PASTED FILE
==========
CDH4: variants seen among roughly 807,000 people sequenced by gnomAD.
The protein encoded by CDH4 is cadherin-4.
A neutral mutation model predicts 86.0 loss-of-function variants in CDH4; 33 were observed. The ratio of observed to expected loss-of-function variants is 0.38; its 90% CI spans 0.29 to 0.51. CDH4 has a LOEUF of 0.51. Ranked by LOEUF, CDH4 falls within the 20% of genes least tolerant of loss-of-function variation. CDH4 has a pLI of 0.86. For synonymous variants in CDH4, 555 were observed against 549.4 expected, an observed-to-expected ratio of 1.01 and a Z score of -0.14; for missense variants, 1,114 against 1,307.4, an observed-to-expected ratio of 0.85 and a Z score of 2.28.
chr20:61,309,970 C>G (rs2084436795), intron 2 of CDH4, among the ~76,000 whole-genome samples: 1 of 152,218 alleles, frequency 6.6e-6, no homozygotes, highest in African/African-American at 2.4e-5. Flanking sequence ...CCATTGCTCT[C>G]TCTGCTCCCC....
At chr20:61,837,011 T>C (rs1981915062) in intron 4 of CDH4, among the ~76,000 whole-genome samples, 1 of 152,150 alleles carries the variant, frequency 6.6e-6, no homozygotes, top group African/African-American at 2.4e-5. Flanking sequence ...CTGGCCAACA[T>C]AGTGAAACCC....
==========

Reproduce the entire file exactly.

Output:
CDH4: variants seen among roughly 807,000 people sequenced by gnomAD.
The protein encoded by CDH4 is cadherin-4.
A neutral mutation model predicts 86.0 loss-of-function variants in CDH4; 33 were observed. The ratio of observed to expected loss-of-function variants is 0.38; its 90% CI spans 0.29 to 0.51. CDH4 has a LOEUF of 0.51. Ranked by LOEUF, CDH4 falls within the 20% of genes least tolerant of loss-of-function variation. CDH4 has a pLI of 0.86. For synonymous variants in CDH4, 555 were observed against 549.4 expected, an observed-to-expected ratio of 1.01 and a Z score of -0.14; for missense variants, 1,114 against 1,307.4, an observed-to-expected ratio of 0.85 and a Z score of 2.28.
chr20:61,309,970 C>G (rs2084436795), intron 2 of CDH4, among the ~76,000 whole-genome samples: 1 of 152,218 alleles, frequency 6.6e-6, no homozygotes, highest in African/African-American at 2.4e-5. Flanking sequence ...CCATTGCTCT[C>G]TCTGCTCCCC....
At chr20:61,837,011 T>C (rs1981915062) in intron 4 of CDH4, among the ~76,000 whole-genome samples, 1 of 152,150 alleles carries the variant, frequency 6.6e-6, no homozygotes, top group African/African-American at 2.4e-5. Flanking sequence ...CTGGCCAACA[T>C]AGTGAAACCC....